Barack Obama delivered a highly political speech at the funeral service for civil rights activist John Lewis. The ex-president is now in the election campaign. Against Donald Trump
Barack Obama made some important speeches in his life. This inevitably happens when you have been President of the United States for eight years, from 2009 to 2017. It’s part of the job to say something important. Obama did not recommend himself as a speaker for his later office until 2004. When he was only 42 years old at the time, he spoke in Boston at the nomination party convention where John Kerry was elected Democratic presidential candidate. Obama’s speech was so good that Kerry’s was embarrassing compared to her. Kerry did not lose the election against incumbent George W. Bush later. But Obama has been since Democratic convention In 2004 suddenly a politician that the whole country knew. His speech was entitled The Audacity of Hope, the courage – or also: the audacity – to hope. This, the hope, became the main message of his later presidential application, the poster with his stylized portrait and one word Hope underneath it became an icon.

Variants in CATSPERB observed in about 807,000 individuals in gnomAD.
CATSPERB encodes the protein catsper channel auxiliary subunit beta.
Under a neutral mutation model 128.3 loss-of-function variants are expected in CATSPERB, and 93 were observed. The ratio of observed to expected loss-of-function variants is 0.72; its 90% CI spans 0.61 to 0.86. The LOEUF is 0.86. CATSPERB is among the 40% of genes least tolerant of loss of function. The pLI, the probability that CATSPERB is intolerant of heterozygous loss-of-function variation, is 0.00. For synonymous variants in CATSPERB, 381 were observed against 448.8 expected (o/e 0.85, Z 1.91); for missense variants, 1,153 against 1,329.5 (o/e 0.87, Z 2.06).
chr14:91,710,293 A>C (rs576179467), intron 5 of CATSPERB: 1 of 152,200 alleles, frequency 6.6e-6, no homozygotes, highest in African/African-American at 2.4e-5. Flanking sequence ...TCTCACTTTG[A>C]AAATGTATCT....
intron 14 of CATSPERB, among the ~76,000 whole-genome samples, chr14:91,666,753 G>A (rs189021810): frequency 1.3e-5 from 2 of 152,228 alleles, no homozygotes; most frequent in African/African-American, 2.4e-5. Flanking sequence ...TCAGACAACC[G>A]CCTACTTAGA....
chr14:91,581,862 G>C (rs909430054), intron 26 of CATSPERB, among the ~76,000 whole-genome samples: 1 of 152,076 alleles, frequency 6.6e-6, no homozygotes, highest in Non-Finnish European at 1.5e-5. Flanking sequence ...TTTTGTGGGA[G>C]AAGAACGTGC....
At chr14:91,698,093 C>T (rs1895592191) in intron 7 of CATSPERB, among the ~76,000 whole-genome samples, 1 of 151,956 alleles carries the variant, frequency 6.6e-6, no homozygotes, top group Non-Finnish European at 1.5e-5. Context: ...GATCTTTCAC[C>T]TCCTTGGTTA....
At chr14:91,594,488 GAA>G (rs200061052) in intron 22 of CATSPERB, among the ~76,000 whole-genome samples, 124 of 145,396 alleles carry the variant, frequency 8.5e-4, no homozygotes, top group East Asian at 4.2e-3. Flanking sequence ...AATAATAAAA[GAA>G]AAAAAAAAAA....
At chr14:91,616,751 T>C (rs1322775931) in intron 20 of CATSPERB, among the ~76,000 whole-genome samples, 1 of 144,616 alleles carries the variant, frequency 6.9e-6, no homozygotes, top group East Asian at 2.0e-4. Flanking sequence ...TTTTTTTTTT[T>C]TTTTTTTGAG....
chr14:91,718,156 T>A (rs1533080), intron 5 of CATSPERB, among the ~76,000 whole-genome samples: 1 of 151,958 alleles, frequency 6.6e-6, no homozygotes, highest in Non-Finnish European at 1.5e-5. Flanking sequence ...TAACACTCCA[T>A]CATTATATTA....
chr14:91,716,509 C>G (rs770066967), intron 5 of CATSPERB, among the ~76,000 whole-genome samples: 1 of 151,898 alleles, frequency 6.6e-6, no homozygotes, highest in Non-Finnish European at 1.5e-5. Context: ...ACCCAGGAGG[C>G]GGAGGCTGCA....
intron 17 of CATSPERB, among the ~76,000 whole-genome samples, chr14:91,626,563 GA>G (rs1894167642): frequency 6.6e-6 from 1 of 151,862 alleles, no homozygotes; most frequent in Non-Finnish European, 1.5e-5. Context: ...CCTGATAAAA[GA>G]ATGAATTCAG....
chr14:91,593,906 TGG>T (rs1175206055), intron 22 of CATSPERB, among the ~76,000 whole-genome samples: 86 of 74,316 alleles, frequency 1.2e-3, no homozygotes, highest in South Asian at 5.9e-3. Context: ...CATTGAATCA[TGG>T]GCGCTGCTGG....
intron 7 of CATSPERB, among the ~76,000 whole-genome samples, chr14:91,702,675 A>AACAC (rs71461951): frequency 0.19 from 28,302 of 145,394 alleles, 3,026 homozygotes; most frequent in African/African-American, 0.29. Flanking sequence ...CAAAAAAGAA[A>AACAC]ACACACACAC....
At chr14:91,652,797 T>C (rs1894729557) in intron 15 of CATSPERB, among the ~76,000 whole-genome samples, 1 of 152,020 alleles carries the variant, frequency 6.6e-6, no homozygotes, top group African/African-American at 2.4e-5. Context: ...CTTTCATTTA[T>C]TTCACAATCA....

Barack Obama made an important speech in Atlanta on Thursday (he published the manuscript afterwards). A funeral speech for the late black Congressman John Lewis at Ebenezer Baptist Church, the church of the congregation who was once pastor of Martin Luther King Jr. It was immediately recognizable as one of the most important speeches in his life, even though Obama was no longer in political office. One that showed him in a previously unfamiliar role: for the first time after the end of his time as president, he became thoroughly political again. Not just by hints or brief comments on everyday political business as before.
Among other things, Obama called for reform of the US electoral law. Every US citizen should be able to vote automatically and no longer have to register laboriously; election day, traditionally a Tuesday, should henceforth be a public holiday so that everyone had time to vote; and Obama called for the end of the long-term speech instrument Filibuster, which is less a parliamentary folklore than a blockade in the US Senate, with which a de facto blocking minority can control and prevent debate topics and votes. These are all demands Obama did not meet during his tenure.